Air pollution levels are rising in Oxford according to new research. There was a significant drop in emissions in 2020 because of the pandemic, but the city council has revealed levels are increasing again, although they're still lower than before the pandemic started.
The council says the figures highlight the need to take urgent action to prevent a return to previous levels - and that the number of cars on Oxford's roads needs to be reduced.
The new data shows a 14% increase in air pollution levels on 2020 levels, largely due to the easing of coronavirus lockdown measures and increasing traffic across the city. Levels are still 17% below 2019 pre-pandemic levels.
Before the pandemic, air pollution levels in the city were plateauing after a significant drop due to the introduction of the Low Emission Zone for buses in 2013.
The city council says the number of cars on the road need to be reduced and more people encouraged to use electric vehicles.
Air pollution is a major cause of premature death and disease, and is considered the single largest environmental health risk in Europe.
A January 2020 study from Centre for Cities found out that at least one in 17 deaths in Oxford is related to air pollution. Air pollution has been found to particularly impact the most vulnerable members of our community, such as those from minority backgrounds, the young, old and those experiencing health issues.
Last year, a new Air Quality Action Plan was launched for the city which sets its own target for 30 µg/m3 of NO2 to be achieved, by 2025 at the latest.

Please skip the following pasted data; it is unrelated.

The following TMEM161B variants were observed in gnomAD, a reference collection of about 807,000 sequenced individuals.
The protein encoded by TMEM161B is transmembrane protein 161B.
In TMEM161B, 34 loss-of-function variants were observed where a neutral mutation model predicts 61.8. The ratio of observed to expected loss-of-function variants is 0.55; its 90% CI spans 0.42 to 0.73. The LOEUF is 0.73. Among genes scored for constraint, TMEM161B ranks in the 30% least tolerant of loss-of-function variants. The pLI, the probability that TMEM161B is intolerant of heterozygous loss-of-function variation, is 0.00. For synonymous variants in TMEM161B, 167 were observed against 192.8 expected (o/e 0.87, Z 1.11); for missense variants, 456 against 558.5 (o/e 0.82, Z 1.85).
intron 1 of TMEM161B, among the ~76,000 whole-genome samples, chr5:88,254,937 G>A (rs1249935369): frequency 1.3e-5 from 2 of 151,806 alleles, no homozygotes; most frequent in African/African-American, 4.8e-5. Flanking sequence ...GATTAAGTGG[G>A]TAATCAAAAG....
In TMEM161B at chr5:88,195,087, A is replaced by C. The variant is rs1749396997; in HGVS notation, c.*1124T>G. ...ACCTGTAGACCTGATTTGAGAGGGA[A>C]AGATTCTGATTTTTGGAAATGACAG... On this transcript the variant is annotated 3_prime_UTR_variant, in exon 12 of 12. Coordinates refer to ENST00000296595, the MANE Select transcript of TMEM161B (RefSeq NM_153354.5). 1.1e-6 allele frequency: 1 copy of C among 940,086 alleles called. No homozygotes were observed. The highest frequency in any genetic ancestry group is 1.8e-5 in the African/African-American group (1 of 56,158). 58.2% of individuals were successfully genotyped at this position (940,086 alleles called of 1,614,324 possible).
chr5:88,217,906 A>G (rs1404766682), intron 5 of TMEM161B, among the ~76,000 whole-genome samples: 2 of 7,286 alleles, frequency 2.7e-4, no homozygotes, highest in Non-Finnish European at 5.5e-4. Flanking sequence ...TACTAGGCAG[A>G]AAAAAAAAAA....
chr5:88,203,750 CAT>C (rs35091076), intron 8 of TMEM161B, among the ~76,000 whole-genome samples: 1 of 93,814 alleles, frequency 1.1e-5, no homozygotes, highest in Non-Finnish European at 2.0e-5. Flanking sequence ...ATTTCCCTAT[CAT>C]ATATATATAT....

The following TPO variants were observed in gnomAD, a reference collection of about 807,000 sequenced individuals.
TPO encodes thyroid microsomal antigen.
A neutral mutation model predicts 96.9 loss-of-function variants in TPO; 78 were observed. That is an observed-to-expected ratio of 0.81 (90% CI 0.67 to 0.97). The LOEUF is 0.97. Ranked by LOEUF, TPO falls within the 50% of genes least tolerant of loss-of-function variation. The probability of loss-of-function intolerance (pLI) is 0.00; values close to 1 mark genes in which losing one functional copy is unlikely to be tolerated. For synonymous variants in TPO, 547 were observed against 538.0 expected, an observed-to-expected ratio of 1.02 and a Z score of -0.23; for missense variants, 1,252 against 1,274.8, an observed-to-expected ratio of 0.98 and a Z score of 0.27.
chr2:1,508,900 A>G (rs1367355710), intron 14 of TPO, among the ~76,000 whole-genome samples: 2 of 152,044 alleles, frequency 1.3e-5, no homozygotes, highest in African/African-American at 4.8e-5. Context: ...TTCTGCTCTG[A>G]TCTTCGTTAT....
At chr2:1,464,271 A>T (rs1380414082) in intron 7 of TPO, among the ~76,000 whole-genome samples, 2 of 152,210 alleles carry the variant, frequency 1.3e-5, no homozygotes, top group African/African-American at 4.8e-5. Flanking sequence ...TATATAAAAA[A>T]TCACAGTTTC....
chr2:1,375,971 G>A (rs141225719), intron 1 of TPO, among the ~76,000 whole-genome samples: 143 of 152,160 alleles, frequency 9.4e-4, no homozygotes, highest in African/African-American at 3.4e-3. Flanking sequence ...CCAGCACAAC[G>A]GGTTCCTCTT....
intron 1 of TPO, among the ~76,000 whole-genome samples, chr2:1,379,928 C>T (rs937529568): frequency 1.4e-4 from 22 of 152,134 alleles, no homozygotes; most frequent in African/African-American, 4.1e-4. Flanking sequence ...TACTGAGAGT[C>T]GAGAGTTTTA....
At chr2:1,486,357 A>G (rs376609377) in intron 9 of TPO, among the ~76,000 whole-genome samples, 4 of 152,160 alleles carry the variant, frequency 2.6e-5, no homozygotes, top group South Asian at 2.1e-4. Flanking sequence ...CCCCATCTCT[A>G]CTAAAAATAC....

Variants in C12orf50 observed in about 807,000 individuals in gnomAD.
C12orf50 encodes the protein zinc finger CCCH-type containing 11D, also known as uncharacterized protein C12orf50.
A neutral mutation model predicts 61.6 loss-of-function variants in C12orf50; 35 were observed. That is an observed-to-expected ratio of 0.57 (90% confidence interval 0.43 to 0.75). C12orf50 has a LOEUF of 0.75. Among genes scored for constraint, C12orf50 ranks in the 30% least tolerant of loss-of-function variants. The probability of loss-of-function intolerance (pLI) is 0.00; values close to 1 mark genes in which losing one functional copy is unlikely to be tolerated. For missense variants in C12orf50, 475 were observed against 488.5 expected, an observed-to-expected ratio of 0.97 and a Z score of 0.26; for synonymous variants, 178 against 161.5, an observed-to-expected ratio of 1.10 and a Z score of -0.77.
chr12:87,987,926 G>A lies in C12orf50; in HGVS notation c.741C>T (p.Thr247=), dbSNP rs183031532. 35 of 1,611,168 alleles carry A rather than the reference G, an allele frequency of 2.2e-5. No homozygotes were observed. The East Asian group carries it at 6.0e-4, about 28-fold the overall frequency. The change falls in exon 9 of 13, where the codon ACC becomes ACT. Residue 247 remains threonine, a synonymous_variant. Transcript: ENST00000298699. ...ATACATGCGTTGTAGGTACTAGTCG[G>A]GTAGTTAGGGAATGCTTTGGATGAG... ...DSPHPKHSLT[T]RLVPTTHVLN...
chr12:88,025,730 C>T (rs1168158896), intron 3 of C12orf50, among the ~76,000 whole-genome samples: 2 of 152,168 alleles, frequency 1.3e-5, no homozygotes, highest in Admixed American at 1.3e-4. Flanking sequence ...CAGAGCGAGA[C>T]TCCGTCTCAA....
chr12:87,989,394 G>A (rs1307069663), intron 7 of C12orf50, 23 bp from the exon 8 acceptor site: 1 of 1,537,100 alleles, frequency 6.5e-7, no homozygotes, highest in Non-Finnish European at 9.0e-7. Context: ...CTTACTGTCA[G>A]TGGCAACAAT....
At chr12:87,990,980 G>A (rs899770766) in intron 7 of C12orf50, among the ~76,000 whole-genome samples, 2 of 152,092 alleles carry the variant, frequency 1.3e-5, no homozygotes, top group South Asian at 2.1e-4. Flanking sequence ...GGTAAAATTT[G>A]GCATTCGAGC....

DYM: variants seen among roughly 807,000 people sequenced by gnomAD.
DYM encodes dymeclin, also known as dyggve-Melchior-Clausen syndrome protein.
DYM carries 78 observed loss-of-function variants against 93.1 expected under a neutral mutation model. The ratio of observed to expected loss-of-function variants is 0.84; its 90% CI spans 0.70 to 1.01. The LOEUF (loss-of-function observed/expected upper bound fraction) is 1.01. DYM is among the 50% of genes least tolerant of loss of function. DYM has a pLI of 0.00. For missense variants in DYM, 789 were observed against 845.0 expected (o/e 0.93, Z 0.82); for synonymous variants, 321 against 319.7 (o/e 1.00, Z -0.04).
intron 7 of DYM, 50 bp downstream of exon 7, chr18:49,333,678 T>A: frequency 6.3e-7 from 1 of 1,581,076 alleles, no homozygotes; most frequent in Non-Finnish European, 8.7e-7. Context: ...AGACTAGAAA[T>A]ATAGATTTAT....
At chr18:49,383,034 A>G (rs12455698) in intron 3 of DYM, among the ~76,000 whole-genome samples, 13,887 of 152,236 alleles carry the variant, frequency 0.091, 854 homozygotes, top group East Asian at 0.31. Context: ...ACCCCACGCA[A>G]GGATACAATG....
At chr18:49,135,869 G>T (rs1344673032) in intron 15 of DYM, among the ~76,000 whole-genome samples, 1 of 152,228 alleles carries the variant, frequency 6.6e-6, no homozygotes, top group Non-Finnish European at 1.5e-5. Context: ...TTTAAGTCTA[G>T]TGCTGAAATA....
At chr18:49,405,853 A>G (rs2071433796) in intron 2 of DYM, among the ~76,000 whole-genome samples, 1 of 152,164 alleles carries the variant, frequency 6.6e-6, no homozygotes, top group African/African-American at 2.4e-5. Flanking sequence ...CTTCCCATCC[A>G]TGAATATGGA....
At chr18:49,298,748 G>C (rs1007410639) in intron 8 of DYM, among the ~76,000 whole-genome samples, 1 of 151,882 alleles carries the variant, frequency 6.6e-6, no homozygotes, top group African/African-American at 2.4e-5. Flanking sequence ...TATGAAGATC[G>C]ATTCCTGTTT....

Councillor Imogen Thomas, Cabinet Member for Zero Carbon Oxford and Climate Justice, Oxford City Council said: “Air pollution impacts everyone in society, but it can be especially harmful to the most vulnerable members of our community, including people from minority backgrounds, children, the elderly, and those already experiencing health issues.
“Last year the Council approved a new Air Quality Action Plan for Oxford and set out our own voluntary target for 30 µg/m3 of NO2 to be achieved, by 2025 at the latest, but there is no safe level of air pollution. We need to continue to take action to reduce air pollution in our city and clean up our air so nobody is breathing polluted air.”
Councillor Louise Upton, Cabinet Member for Health and Transport, Oxford City Council said: “Transport emissions accounts for 68% of NOx emissions in the Oxford, and in 2021 we saw a 14% increase in air pollution levels compared with 2020 levels due to the easing of coronavirus measures and a rise in traffic across the city.#
"While this is lower than pre-pandemic levels, we still need to take urgent action to ensure it does not return to previous levels which were damaging to everyone’s health. In order to do this we need to reduce the number of cars on our road and encourage the switch to electric vehicles, travelling by public transport, or walking and cycling wherever possible.”